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Of Chalk & Flint


Of Chalk and Flint: A Way of Norfolk Magic

My experience of writing Of Chalk and Flint: A Way of Norfolk Magic could not have been a more different to the speedy, almost frenetic process of putting A Witch’s Kitchen together.

I suppose it was sometime after completing my herbal medicine degree, in 2008, that I began writing down magical ideas, having been unable to do so during the four intensive years of full time study, combined with holding down a job so that I could pay my way. Of course, I had kept up my own magical practice, but all my reading and writing had necessarily to be focused on herbs and all matters medical.

Gradually, the desire to write began to grow again, and I started to write my regular articles for Quest and Pagan Dawn. I also wrote a few articles for Mike Howard’s The Cauldron, which has now sadly ceased publication since his death in 2015. It was two Cauldron articles which really made me think about writing a whole book on Norfolk magic. The first was a piece about our use of old, agricultural tools in ritual and magic, and the second was an article about
the Fair Folk of Norfolk.

I suppose it was the Fair Folk work which made me think about how under-represented Norfolk has been in writings about magical areas of the country. Some writers even claim that there is no tradition of Fair Folk here, and that it all happens in Ireland and Cornwall, and yet these beings, who are not often visible but live beside us, can, I’m sure, be found in different forms throughout the entirety of the country, and indeed the world.

Every landscape has its own spiritual beings and its own magic, which is uniquely suited to its geology, its weather conditions, its plant and animal life and the consequent preoccupations of those human souls who live and work there. So, I thought, having lived for so long in Norfolk and derived so many benefits from the magic which flows through the sacred landscape, it was time to produce a piece of work in honour of the county which had given me so much, a magnificent magical gesture which would set out something of the work we do here and how we adapt our magic to our 21 st century lifestyles.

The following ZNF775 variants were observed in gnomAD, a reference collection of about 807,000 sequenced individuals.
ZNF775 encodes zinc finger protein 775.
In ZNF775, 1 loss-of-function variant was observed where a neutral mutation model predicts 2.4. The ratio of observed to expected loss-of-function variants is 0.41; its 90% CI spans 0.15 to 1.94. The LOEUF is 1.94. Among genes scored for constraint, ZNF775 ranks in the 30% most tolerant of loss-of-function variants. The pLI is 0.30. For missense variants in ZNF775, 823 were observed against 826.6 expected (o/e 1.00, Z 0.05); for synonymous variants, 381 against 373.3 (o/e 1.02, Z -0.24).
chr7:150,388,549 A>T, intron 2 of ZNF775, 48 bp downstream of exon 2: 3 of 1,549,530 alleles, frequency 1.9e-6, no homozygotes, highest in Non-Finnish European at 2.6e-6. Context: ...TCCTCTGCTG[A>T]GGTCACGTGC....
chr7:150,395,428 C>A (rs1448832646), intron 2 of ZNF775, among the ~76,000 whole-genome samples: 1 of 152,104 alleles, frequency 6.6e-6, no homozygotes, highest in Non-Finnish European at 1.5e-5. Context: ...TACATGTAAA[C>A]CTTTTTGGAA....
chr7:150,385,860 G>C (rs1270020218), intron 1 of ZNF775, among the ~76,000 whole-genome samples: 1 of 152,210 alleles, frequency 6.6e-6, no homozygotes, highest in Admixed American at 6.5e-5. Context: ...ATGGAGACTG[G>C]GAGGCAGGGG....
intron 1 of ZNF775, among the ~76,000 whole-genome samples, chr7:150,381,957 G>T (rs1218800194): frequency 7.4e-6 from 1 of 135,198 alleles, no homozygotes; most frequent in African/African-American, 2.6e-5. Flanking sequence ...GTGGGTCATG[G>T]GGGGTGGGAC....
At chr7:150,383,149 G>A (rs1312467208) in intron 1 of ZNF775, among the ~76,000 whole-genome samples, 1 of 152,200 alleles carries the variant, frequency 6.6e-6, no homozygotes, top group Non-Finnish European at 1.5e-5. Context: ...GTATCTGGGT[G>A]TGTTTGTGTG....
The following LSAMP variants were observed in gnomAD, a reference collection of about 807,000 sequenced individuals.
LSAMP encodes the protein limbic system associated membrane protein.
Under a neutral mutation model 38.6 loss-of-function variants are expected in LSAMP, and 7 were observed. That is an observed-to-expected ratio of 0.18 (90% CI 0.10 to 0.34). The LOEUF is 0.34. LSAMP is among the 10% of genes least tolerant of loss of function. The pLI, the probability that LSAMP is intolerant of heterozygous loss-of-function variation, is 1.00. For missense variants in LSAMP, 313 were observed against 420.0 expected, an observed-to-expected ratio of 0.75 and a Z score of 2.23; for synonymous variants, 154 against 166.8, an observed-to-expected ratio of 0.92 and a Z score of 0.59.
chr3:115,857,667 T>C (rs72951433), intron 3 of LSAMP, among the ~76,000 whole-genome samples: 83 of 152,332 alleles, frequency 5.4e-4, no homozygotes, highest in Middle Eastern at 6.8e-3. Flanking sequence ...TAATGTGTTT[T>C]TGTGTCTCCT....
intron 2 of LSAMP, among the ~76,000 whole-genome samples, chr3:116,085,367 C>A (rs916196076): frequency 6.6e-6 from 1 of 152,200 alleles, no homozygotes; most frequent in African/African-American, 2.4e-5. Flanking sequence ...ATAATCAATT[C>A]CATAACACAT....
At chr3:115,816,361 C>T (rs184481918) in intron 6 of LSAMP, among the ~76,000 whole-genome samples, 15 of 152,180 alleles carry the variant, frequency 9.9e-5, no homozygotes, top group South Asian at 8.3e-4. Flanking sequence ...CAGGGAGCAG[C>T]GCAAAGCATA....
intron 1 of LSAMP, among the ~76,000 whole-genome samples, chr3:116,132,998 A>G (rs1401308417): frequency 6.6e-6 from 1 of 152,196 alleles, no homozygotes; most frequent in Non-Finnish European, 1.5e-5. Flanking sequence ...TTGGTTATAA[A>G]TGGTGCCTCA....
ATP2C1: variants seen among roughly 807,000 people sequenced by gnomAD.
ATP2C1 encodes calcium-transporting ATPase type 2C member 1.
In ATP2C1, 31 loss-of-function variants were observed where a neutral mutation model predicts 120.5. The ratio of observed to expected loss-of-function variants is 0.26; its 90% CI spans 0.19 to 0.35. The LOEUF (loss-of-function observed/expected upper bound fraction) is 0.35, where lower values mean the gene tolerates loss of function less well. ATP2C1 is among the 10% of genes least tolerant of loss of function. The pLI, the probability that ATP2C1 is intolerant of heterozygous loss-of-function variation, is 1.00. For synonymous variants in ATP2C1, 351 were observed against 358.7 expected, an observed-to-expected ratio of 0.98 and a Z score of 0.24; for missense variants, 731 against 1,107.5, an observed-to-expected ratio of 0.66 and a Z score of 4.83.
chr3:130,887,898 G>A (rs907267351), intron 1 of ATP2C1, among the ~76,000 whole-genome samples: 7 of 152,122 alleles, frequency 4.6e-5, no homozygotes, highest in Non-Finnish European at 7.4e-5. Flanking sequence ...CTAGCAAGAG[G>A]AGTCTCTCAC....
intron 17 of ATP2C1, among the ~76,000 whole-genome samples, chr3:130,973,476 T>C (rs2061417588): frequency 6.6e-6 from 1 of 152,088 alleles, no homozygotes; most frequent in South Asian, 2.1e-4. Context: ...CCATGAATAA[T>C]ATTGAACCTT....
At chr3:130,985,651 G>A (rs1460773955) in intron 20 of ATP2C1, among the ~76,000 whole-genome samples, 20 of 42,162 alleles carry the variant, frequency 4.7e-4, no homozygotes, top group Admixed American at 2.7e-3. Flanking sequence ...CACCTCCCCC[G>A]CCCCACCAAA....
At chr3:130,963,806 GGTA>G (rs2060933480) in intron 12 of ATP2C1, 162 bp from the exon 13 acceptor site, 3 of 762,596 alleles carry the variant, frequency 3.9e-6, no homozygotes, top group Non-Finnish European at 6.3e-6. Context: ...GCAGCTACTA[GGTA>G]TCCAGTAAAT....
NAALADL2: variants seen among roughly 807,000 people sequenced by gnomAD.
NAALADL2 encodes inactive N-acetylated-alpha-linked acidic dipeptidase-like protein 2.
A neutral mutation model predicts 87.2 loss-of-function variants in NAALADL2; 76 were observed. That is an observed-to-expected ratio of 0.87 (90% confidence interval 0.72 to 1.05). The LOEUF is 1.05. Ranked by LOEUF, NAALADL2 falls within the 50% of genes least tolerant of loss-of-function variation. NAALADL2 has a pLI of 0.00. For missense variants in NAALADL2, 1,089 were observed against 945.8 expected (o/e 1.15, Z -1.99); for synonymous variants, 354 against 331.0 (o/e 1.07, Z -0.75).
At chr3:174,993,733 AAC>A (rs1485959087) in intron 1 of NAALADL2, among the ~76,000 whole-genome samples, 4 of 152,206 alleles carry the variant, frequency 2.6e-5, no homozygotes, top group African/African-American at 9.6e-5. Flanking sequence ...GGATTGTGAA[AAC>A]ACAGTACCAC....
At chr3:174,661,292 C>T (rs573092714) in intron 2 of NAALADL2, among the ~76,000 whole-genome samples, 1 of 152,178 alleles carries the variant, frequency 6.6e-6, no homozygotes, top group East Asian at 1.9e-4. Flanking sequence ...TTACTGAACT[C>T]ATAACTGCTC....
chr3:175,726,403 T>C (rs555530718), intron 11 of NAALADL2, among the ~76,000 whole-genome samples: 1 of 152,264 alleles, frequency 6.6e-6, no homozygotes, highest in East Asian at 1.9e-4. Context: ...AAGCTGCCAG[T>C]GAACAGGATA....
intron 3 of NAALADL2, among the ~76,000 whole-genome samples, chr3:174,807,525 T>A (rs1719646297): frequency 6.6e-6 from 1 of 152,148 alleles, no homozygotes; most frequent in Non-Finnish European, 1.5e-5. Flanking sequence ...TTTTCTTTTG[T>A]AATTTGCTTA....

I was very definite that I did not wish to write an academic tome about witches and magicians and spells of past times, interesting as these things are, because that information is already available, thanks to the efforts of a number of excellent researchers and writers. I needed to acknowledge the past and our magical ancestors, of course, because that is such an important part of what we still see etched into the landscape and its buildings, but I hoped to put across how we use our understanding of these things as a foundation for the magic we are working now.

So, I began gathering material, revisiting particular places of significance, making notes and planning the structure of the book. But the writing progressed in fits and starts and there were always time-consuming things which distracted me from this, my most important of tasks. I was helping to set up The School of Herbal Medicine, in Porlock, Somerset, which involved a lot of writing and travelling to the West Country; I had to write a lot for the everyday paid work I was doing; then various other events occurred which required attention.

In 2015, I wrote the Norfolk Harvest closing ritual for the Harvest Moon conference at the Puppet Theatre in Norwich, and the heady
excitement of the whole event, of Gemma Gary and Jane Cox inspiring us to create our Ickeny horse, and of so many people expressing an interest in Norfolk magic, I thought that would be the moment when I sat down at my computer and completed the project. The feeling was enhanced by a kind invitation from Nigel Pearson to speak about Norfolk magic at the launch of his own book about East Anglian magic, The Devil’s Plantation. For various reasons, though, it would take another three years before I was satisfied with what I had been able to write. Perhaps it just needed all that time to evolve slowly and to emerge into the world at a auspicious moment. After all, some foods are best quickly fried while others require hours of bubbling in a cauldron to ensure that they are as